Deb, one of our volunteers, served with the RCAF, and fifteen years ago, in 2004, served with the Headquarters of the International Security Assistance Force in Afghanistan. Some time ago, as I chatted with her, she recalled a very special time, an opportunity to make a difference in the lives of others, one that culminated in what she refers to as “the defining moment of my tour”. On International Women’s Day, I am happy to share this with you once again, told in Deb’s words.
The Calendar Idea ~
“Three of us female Majors serving in Afghanistan under General Hillier, came up with an idea to mark International Women’s Day in Afghanistan. It was only five days prior to the official event and we decided on producing a calendar featuring female personnel of NATO stationed in Kabul, with all proceeds from the sale of the calendar benefitting Afghan women in distress. We received immediate approval from Gen. Hillier and pressed forward with our plans. In Gen. Hillier’s words, ‘the role of women in Afghanistan, while extremely suppressed by the Taliban, is fundamental to the future prosperity of this country…this calendar project is one small way the military women of NATO HQ can assist Afghan women to move forward and take their rightful place in Afghanistan public and political life.’
While it took a bit of convincing to get the other Nations’ female military members to participate, once they realized what we were trying to do, they all pitched in. Our small idea became officially the ‘Military Women Assisting the Empowerment of Afghan Women’ calendar. The original plan was to sell the calendar during International Women’s Week with all proceeds going to women’s shelters in the Kabul city area. Our first print run, sitting in front of a rather old colour photocopier for 10 hours produced 100 copies. Good and bad news… we sold out in one hour and raised about $1500 Cdn, the bad news… back to the photocopier!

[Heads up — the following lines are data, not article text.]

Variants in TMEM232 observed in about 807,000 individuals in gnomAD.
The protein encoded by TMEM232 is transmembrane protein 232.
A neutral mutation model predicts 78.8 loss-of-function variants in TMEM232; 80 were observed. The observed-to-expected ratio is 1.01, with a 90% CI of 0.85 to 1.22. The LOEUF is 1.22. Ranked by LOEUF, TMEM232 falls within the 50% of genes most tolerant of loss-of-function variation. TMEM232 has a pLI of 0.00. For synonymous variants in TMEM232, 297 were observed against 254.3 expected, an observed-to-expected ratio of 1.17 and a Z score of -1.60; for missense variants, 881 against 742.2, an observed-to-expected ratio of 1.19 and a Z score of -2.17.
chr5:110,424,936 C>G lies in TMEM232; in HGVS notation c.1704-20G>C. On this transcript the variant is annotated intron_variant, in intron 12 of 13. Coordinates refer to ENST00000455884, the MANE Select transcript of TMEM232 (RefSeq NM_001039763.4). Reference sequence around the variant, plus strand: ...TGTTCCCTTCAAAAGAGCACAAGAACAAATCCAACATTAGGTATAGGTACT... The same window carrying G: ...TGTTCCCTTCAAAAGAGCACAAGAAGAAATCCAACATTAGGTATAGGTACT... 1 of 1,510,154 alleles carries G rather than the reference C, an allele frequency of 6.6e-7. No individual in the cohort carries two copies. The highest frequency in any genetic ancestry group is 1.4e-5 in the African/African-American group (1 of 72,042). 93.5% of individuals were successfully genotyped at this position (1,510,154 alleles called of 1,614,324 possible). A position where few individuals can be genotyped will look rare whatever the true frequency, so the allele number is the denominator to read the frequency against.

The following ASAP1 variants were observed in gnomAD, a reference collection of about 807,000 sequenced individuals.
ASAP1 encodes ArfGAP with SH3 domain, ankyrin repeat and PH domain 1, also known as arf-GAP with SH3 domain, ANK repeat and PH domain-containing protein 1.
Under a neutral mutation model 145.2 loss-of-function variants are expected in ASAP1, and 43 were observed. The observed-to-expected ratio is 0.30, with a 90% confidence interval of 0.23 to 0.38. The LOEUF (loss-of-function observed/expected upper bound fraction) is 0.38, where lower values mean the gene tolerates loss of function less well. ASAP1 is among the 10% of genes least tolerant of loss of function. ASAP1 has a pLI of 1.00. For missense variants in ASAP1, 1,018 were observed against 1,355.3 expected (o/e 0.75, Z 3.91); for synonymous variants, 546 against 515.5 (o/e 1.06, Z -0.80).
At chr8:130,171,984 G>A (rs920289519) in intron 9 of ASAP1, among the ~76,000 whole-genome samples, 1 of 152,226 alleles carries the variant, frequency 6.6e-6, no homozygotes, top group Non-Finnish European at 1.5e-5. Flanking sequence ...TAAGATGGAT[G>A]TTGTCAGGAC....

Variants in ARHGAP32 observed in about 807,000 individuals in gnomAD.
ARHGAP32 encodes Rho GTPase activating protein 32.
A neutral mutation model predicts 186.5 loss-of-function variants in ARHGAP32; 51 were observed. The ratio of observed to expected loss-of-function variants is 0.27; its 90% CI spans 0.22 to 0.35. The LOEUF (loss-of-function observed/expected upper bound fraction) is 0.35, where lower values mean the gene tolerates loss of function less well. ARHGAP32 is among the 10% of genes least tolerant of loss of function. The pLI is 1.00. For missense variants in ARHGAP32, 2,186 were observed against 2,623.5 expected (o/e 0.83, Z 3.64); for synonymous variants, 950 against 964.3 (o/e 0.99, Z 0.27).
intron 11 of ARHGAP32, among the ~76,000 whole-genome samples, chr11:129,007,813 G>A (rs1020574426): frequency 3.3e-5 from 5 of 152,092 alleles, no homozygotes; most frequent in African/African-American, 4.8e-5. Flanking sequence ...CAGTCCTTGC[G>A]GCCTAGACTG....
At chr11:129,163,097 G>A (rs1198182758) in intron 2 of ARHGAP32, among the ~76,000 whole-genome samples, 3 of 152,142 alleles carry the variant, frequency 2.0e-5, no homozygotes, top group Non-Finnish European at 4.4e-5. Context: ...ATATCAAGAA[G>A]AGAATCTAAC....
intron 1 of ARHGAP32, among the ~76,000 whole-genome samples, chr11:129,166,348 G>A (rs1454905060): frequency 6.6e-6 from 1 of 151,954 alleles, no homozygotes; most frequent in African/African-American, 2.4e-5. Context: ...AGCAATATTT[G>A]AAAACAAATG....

Unfortunately the mission and our jobs took precedence so our original plan only went that far. However, like all good plans, this one took on a life of its own. Mr. Friesen (our photographer for the calendar) solicited support from a printer in the Netherlands to produce a second print run of 500 calendars, free of charge. So we were back in business. Email traffic between our families and friends in Canada saw a great interest in the calendar and I coordinated the funds coming in from Canada. We raised close to $15,000 in total. More than we could ever have imagined and in Afghanistan this was equivalent to millions!
How did we decide, in a country of so many people in need, who would benefit from the calendar’s proceeds and which women’s shelter we would choose? Our greatest fear was that our money would not reach the right hands and that those truly deserving of it would not benefit. Through careful research and personal attestations/references, we were able to find the ideal recipient of our donation, Dr. Sima Samar and her organization Shuhadra.
Since 1989, she had been operating schools for girls and healthy clinics in many of the provinces of Afghanistan as well as in the refugee camps in Northern Pakistan. She has shown an incredible commitment towards assisting Afghan women in their struggles to end their oppression and to provide them with access to healthcare and education services. She is a strong advocate for the involvement of Afghan women in government and the reconstruction of civil society in Afghanistan. In 2001, the Canadian Human Rights NGO, Rights and Democracy, awarded Dr. Samar their John Humphrey Freedom Award. Just after 911, and the deployment of American troops to Afghanistan, Dr. Sima Samar was appointed the New Interim Government Deputy Prime Minister and the Minister for Women’s Affairs by President Karzai. This position had never been filled by a woman and it provided hope for the improvement of women’s rights in Afghanistan.